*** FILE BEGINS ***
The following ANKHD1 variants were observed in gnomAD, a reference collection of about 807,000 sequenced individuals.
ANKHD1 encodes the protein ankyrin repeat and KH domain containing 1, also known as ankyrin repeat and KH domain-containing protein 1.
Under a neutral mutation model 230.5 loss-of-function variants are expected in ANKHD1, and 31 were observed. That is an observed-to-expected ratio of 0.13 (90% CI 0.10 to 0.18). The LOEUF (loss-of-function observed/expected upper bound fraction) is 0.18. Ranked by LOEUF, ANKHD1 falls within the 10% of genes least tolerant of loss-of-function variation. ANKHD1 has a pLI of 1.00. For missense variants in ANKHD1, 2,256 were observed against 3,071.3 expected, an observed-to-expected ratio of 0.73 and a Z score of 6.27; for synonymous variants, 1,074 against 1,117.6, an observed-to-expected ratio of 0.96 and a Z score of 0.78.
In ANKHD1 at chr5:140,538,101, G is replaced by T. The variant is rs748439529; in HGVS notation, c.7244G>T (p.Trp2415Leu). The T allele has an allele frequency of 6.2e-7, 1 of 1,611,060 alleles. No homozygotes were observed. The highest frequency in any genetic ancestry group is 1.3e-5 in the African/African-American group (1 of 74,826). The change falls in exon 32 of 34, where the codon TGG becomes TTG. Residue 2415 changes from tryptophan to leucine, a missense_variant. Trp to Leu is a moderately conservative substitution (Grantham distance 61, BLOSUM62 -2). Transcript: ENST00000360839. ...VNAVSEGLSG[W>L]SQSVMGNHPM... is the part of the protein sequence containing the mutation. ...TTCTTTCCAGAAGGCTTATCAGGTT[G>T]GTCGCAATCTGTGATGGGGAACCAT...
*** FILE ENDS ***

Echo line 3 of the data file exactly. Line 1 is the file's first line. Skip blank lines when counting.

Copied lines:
Under a neutral mutation model 230.5 loss-of-function variants are expected in ANKHD1, and 31 were observed. That is an observed-to-expected ratio of 0.13 (90% CI 0.10 to 0.18). The LOEUF (loss-of-function observed/expected upper bound fraction) is 0.18. Ranked by LOEUF, ANKHD1 falls within the 10% of genes least tolerant of loss-of-function variation. ANKHD1 has a pLI of 1.00. For missense variants in ANKHD1, 2,256 were observed against 3,071.3 expected, an observed-to-expected ratio of 0.73 and a Z score of 6.27; for synonymous variants, 1,074 against 1,117.6, an observed-to-expected ratio of 0.96 and a Z score of 0.78.